I was hoping the new Candyman would buck this unfortunate trend, but alas - the only audio options involve the film's actual soundtrack. It's not a bare-bones disc, thankfully - director/co-writer Nia DaCosta, producer Jordan Peele, the cast, etc are all on hand for video-based supplements, but everything they're saying is reduced to sound bites, where anyone with decent hearing can probably spot where their thoughts are being truncated to form something easier to digest before cutting to another film clip. None of these featurettes last more than five or six minutes, and so - while they're not without merit - you are constantly feeling like they're barely scratching the surface of more interesting areas to explore.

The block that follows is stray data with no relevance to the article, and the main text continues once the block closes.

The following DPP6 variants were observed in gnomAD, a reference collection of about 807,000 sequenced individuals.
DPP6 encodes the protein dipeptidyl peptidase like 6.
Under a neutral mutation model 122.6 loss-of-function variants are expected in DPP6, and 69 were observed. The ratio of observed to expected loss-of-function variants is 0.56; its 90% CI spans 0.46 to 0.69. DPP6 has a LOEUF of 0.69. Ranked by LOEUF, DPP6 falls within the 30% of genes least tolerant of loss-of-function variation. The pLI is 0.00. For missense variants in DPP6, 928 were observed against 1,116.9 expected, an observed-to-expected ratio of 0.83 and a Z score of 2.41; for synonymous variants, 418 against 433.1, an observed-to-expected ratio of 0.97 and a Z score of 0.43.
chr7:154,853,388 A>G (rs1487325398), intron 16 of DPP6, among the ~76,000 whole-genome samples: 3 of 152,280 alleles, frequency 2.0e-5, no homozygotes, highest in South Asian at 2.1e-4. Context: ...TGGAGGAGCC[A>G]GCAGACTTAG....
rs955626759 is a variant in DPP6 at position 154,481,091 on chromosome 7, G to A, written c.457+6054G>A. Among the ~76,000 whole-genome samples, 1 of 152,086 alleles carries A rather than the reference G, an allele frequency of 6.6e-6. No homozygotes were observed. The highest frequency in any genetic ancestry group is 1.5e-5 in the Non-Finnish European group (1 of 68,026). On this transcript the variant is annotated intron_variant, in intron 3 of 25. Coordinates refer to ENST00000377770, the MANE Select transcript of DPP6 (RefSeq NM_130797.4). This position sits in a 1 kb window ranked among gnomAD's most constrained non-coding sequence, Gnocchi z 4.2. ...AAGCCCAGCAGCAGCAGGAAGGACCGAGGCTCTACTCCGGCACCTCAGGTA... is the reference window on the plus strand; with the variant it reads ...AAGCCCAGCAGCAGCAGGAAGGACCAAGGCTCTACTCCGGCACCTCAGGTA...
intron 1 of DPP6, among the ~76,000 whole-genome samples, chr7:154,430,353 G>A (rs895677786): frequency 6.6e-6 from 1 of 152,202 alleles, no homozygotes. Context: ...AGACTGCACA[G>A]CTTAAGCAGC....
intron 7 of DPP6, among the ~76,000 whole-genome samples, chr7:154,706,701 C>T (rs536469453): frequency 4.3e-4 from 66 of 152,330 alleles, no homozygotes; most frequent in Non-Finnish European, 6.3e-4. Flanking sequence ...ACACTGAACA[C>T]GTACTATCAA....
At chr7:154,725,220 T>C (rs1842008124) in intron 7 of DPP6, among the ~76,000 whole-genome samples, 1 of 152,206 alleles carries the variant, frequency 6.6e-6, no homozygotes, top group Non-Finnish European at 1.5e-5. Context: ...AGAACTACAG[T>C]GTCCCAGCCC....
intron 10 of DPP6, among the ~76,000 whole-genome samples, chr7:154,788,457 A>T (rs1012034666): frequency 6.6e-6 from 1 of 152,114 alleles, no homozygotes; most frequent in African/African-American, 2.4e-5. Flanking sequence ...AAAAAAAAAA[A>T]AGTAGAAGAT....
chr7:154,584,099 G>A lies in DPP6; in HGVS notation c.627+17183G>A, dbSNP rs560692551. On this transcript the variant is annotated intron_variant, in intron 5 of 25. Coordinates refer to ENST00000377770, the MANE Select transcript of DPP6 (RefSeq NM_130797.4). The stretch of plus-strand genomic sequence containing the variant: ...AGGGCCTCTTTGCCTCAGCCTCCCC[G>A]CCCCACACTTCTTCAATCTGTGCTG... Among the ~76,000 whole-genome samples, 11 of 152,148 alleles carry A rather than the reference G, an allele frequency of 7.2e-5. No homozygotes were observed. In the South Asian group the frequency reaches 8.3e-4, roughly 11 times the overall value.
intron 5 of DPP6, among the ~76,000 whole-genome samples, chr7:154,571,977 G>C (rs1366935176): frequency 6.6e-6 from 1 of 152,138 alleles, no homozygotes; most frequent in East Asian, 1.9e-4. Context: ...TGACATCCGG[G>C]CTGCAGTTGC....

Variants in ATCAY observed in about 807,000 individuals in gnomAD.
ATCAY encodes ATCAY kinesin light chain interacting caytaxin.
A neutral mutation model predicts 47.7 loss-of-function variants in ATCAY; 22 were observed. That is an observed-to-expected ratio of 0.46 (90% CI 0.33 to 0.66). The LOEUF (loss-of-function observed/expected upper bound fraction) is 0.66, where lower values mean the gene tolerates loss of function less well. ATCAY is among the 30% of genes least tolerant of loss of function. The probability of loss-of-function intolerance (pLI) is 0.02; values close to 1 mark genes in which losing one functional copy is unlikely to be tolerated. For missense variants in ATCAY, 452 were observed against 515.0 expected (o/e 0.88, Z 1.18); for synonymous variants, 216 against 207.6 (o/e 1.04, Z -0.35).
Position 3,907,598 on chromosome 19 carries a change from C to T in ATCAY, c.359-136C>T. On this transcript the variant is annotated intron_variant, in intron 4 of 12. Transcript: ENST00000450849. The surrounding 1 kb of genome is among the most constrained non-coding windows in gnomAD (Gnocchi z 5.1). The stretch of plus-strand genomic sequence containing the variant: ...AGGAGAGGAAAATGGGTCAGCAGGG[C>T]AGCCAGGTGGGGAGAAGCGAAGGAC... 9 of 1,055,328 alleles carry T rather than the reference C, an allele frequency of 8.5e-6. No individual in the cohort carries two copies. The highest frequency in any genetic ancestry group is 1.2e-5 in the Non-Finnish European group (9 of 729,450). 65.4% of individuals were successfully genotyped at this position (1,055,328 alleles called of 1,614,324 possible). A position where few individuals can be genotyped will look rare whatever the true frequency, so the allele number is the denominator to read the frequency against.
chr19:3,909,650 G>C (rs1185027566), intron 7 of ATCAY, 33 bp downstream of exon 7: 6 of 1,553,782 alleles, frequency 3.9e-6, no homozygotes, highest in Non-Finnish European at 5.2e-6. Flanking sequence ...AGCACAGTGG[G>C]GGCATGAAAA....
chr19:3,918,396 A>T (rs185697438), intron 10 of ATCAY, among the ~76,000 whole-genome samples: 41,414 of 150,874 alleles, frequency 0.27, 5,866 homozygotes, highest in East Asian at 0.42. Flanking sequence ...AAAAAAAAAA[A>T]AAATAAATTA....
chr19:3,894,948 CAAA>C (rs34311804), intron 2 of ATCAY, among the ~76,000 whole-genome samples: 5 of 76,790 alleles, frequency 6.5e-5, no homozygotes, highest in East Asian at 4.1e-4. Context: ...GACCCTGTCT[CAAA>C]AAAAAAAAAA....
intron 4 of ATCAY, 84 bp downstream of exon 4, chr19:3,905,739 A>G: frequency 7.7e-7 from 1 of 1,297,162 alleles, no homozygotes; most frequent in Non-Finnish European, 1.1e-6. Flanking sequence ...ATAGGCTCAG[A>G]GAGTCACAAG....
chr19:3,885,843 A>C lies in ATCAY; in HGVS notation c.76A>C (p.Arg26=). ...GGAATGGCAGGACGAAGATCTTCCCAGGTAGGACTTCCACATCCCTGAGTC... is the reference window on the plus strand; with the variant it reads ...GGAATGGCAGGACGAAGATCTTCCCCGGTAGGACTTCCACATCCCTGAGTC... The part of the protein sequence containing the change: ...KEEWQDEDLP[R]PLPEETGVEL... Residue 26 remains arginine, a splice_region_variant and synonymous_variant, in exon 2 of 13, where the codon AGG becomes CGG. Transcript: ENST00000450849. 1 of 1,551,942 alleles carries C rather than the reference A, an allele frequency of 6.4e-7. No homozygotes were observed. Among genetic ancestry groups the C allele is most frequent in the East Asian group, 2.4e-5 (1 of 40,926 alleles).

And that's true with even the junkiest slasher film, but frustrating in particular for a film like Candyman, which is tackling huge issues (police brutality and the effects of gentrification chief among them) in a 90 minute film that also has to serve as Candyman 3* while introducing an entirely new cast. I think the film works overall, but there are definitely elements that feel truncated or underdeveloped, particularly in the breathless final reel. After a well paced first hour or so, the movie kind of goes in fast forward mode, elevating a minor character to perhaps its most important one and leaving you thinking "Well it might have been nice to have spent a little more time with that person prior to this reveal." And DaCosta packs the film to the gills with visual metaphors and symbolism, some of which may not even be picked up on by an audience that's simply trying to invest themselves in the story and its characters.